PADDLE: or straight key, bug, sideswiper, keyboard, whatever you prefer. Also if the rig doesn't have a built in keyer, bring an external one for the paddle. Don't forget any cables needed to hook the keying device to the rig.
ANTENNA ADAPTER: Should you need something to connect say a PL-259 to BNC or the like. Very important if your coax is terminated in a different connector than what the rig requires.
COAX COUPLER: If you need to connect two or more lengths of coax together to reach from antenna to rig.
LAUNCHER: If you need to throw a wire up into a tree. A golf ball tied to a string through a screw eye in the ball makes an excellent launcher if you have a good throwing arm. If you use a mast instead, remember the mast.
TENT PEGS: To fasten the end of an inverted vee antenna to the ground or guy wires for a mast, etc. Perhaps some stakes if you want to get the ends higher up in the air.
PERSUADER: Also known as a hammer or mallet for driving the tent pegs, etc. into hard ground.
BATTERY AND LEADS: Be certain the battery has been fully charged the day before the operation. Of course don't forget the means to connect battery to rig.
COMPUTER: Either this or pen and paper to log the QSOs. I prefer the computer for faster style contest operating.
LOG SHEETS: To log on paper
CLIPBOARD AND PENS: Clipboard to have a smooth writing surface. Don't forget the pens. Small items but can lead you to use some language you don't normally use if you forget them.
CLUB HAT/SHIRT: To promote your club if it's a club related operation and you want appropriate pictures.
WATCH/GLASSES: To log QSO times and to see the log should you be a glasses wearer.
CAMERA AND EXTRA BATTERIES: The batteries will inevitably die just when you want that certain picture. So be sure they are fully charged, both the ones in the camera and the extras.
WATER: You inevitably will get thirsty, especially if it's hot dry weather.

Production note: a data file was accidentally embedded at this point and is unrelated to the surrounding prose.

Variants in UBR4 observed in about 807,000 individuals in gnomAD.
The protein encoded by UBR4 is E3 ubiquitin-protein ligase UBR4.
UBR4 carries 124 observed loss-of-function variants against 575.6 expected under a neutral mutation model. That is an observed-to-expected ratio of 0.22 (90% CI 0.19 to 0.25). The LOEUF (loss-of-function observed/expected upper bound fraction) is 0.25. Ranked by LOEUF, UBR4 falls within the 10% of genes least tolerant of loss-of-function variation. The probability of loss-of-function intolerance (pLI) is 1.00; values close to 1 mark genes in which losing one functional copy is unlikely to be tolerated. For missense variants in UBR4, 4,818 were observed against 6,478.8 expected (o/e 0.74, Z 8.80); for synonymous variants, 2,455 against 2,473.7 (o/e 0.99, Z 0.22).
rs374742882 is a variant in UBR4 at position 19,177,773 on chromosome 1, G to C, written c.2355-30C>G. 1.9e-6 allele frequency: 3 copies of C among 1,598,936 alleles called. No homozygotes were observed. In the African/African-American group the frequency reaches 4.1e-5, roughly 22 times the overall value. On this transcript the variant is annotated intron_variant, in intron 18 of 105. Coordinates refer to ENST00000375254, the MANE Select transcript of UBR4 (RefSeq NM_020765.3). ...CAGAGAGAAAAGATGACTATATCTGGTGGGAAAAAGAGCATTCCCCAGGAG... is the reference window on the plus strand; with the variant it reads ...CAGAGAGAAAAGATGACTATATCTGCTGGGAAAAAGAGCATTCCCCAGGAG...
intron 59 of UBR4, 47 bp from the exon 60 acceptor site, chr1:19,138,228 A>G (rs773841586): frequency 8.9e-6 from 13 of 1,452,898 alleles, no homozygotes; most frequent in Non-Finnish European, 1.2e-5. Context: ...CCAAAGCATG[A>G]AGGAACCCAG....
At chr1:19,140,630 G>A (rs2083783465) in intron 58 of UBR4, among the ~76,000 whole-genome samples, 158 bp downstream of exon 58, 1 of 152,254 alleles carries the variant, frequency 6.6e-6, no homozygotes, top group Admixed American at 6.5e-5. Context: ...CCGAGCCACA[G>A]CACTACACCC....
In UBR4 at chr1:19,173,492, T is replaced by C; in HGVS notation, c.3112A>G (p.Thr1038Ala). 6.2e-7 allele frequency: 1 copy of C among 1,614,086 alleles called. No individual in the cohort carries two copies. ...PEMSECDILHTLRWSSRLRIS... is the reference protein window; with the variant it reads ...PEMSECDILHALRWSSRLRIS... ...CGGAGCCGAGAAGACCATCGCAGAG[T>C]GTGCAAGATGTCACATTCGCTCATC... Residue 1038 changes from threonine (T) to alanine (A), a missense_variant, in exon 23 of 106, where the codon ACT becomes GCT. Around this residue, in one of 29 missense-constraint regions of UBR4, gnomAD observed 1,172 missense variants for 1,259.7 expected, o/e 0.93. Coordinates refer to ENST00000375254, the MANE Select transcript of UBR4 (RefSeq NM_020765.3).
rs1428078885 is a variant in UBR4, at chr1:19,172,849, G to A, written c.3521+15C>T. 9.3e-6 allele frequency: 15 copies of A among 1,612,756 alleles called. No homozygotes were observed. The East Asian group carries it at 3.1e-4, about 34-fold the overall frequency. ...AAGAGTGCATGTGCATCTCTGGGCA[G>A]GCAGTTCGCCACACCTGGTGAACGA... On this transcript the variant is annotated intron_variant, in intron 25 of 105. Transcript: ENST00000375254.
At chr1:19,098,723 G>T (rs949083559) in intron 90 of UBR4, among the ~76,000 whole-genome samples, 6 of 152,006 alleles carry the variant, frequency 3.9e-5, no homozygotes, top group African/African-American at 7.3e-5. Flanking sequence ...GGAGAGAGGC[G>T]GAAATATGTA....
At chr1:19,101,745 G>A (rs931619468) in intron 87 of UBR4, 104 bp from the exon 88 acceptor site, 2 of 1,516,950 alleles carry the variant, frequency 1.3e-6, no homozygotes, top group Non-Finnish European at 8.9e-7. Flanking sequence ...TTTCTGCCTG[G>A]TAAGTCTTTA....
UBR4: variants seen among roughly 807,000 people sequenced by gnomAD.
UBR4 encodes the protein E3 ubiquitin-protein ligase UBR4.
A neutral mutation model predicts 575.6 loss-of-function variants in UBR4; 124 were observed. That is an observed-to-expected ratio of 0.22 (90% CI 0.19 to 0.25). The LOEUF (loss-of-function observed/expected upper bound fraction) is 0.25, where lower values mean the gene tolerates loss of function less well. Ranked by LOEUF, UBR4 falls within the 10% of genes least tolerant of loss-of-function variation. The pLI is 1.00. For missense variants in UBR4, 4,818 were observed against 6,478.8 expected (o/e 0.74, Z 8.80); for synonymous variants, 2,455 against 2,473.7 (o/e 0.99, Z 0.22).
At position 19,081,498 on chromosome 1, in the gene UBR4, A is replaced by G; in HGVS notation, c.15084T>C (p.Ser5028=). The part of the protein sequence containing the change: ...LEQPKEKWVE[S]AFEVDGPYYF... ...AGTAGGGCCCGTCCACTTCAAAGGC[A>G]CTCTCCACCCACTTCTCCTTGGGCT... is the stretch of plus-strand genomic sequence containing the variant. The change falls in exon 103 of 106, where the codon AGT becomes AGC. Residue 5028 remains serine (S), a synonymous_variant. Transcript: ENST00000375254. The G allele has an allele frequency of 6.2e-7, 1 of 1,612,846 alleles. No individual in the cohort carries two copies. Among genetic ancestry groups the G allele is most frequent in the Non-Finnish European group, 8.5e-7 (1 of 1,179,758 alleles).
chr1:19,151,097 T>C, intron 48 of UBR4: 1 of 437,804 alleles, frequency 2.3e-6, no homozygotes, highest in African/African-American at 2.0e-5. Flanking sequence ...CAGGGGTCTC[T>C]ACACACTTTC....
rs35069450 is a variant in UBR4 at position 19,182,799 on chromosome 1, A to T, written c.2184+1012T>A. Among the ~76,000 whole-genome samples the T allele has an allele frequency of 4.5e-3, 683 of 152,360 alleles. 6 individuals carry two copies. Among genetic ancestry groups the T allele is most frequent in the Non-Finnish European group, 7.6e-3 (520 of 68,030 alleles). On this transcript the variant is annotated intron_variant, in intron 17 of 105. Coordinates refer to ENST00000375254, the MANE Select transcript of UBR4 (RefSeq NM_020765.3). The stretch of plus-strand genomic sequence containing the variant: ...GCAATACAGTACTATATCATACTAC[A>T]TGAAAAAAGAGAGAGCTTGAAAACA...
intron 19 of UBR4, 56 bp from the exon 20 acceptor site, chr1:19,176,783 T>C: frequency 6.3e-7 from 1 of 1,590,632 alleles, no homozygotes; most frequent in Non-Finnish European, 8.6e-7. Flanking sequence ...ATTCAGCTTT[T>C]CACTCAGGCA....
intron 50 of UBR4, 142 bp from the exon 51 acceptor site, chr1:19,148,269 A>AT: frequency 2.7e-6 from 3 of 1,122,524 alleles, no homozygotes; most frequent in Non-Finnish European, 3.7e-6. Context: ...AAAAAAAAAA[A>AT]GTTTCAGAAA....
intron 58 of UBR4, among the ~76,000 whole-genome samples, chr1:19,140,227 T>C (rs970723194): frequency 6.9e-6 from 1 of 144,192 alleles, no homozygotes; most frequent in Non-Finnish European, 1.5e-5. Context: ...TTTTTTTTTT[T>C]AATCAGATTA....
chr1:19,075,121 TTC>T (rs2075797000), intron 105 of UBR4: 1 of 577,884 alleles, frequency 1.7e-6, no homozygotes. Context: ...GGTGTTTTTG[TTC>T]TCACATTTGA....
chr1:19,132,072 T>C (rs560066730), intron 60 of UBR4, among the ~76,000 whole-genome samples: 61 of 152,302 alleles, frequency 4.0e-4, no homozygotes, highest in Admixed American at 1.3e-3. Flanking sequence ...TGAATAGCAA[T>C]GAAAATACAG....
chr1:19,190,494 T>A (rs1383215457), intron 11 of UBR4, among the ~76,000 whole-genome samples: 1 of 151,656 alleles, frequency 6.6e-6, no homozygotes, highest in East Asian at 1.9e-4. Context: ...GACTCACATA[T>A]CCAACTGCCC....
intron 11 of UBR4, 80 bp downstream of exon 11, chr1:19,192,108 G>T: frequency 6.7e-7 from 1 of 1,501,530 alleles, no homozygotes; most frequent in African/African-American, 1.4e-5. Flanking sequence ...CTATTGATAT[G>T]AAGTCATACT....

COAX CLAMP: Some kind of clamp to hold the coax to the operating table in case someone runs into the coax or wind blows down an antenna. You will use even worse language if that happens and the rig is pulled off the table as a result.
DUMMY LOAD, VOM, CLIP LEADS: Good to have along in case you need to solve some kind of problem.
GROUND WIRE AND ROD: Sometimes these will give a better match between rig and antenna or prevent interference between stations. WY3H and I once used a common ground rod that gave us all kind of interference between our rigs until we went to a separate ground for each.
POWER POLE COUPLER: Just a convenient way to connect battery to rig and any accessories.
PX3 AND KX3 POWER CABLES: A really indispensable item. I dropped my PX3 cable at home and didn't know it until I got to the QRP/CW demo I was giving. Although I could use the KX3, I wasn't able to show off the wonderful PX3.
JUMPER COAX: Just in case you need to connect something to something. We use them mostly at Skyview to connect our rigs to their antenna switches and/or filters.
STAND FOR KX3 AND PX3: Nice to be able to set the PX3 above the KX3 as I do at home.
This is a list that covers most of the locations we operate from. There are tables in our Community Park, but if you go to a place where there are no fixed tables, bring along a sturdy but lightweight folding table and a chair. You might also think about a tent or canopy if it is rainy or too sunny and hot.
This all may seem very basic, perhaps even silly to go to such extremes, but believe me, all the items are necessary to have a successful smoothly run operation. Just forgetting one can make for an unenjoyable outing.